Study of a Single Artist - HART6700

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Module delivery information

Location Term Level1 Credits (ECTS)2 Current Convenor3 2022 to 2023
Spring Term 6 30 (15) Catherine Hahn checkmark-circle


The module will involve the study of a single artist of significance for the history of art. Through the in-depth study of the works of art of a single artist, the interpretations made of them and the cultural significance of the artist's life and oeuvre, students will be introduced to a wide range of approaches and issues central to the theory and practice of the discipline of Art History. They will also acquire subject-specific and generic learning skills necessary to progress on their degree programme. The convenorship of the module will rotate among members of History of Art and with it the choice of artist to be studied.

The purpose of the module is not to uphold a canon of established masters. The artist chosen could be historic or contemporary, working in a traditional or non-traditional medium or located anywhere in the world. An indicative list of possible artists is: Leonardo da Vinci, Rembrandt, Cezanne, Meta Vaux Warrick Fuller, Frida Kahlo, Jackson Pollock, Léon Ferrari, El Anatsui, or Rachel Whiteread.


Contact hours

Total contact hours: 40
Private study hours: 260
Total study hours: 300

Method of assessment

Main assessment methods

Short Essay (1,500 words) - (30%)
Long essay (3,000 words) - (50%)
Seminar Performance (20%)

Reassessment methods
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Indicative reading

The University is committed to ensuring that core reading materials are in accessible electronic format in line with the Kent Inclusive Practices.
The most up to date reading list for each module can be found on the university's reading list pages:

See the library reading list for this module (Canterbury)

Learning outcomes

The intended subject specific learning outcomes.
On successfully completing the module Level 6 students will be able to:

1. demonstrate that they have studied the life and oeuvre of a significant artist and the historical context in which he or she worked.
2. demonstrate that they have studied, through the focused study of the art of a single artist, a number of key theoretical and critical concerns relevant to the History of Art programme as a whole.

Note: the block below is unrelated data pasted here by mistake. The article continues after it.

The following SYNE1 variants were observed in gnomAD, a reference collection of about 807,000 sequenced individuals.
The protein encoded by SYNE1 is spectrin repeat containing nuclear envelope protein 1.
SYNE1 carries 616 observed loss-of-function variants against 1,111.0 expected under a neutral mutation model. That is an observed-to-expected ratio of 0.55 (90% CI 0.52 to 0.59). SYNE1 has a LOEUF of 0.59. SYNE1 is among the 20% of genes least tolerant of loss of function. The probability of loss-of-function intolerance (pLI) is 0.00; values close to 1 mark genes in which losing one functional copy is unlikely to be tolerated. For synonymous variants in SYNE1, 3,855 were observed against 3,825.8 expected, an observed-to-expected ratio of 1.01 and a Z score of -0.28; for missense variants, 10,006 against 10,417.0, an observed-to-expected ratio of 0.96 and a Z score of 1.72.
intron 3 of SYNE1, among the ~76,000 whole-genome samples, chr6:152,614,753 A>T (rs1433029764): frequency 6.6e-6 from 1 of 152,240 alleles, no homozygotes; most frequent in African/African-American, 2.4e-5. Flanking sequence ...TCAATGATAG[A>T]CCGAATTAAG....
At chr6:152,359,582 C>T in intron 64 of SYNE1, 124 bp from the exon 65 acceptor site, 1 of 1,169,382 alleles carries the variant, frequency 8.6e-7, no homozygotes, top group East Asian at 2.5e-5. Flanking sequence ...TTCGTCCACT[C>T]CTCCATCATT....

3. demonstrate that they have acquired, through a focused study of the art of a single artist, systematic understanding of the range and diversity of approaches to the study of art within the multidisciplinary History of Art programme.
4. evidence that they have acquired conceptual understanding of the different types of critical writing which shape the discussion of the visual arts and developed the ability to critically evaluate the appropriate of the different approaches.
5. demonstrate that they have acquired in depth understanding and knowledge in visual analysis of works of art, including how to 'read' an image.
6. evidence that they have acquired systematic understanding of the various sites of production and display of the visual arts, the traditions associated with them, and the affect they have upon the form and content of such work.

The intended generic learning outcomes.
On successfully completing the module Level 6 students will be able to:

1. Demonstrate that they have engaged with and systematically understood critical reading and analysis of a range of primary and secondary texts, including visual materials.
2. Demonstrate that they have developed a sustained understanding and application key skills in written communication, problem solving, and apply a sense of responsibility for their own learning.
3. Demonstrate that they have learned to use relevant Information Technologies to research and present their work.
4. Demonstrate that they have developed the key skills of communication and working with others in a group, as well as gaining confidence in participating in critical discussion and debate while remaining open to the viewpoints of others.
5. Demonstrate that they have learned to locate a range of relevant learning and reference resources (including visual resources) within the Templeman Library and the internet, and to use them to support their arguments and analyses.
6. Demonstrate that they have developed their ability to write coherent, informed and logical arguments in a well-organised and well-presented essay.


  1. Credit level 6. Higher level module usually taken in Stage 3 of an undergraduate degree.
  2. ECTS credits are recognised throughout the EU and allow you to transfer credit easily from one university to another.
  3. The named convenor is the convenor for the current academic session.
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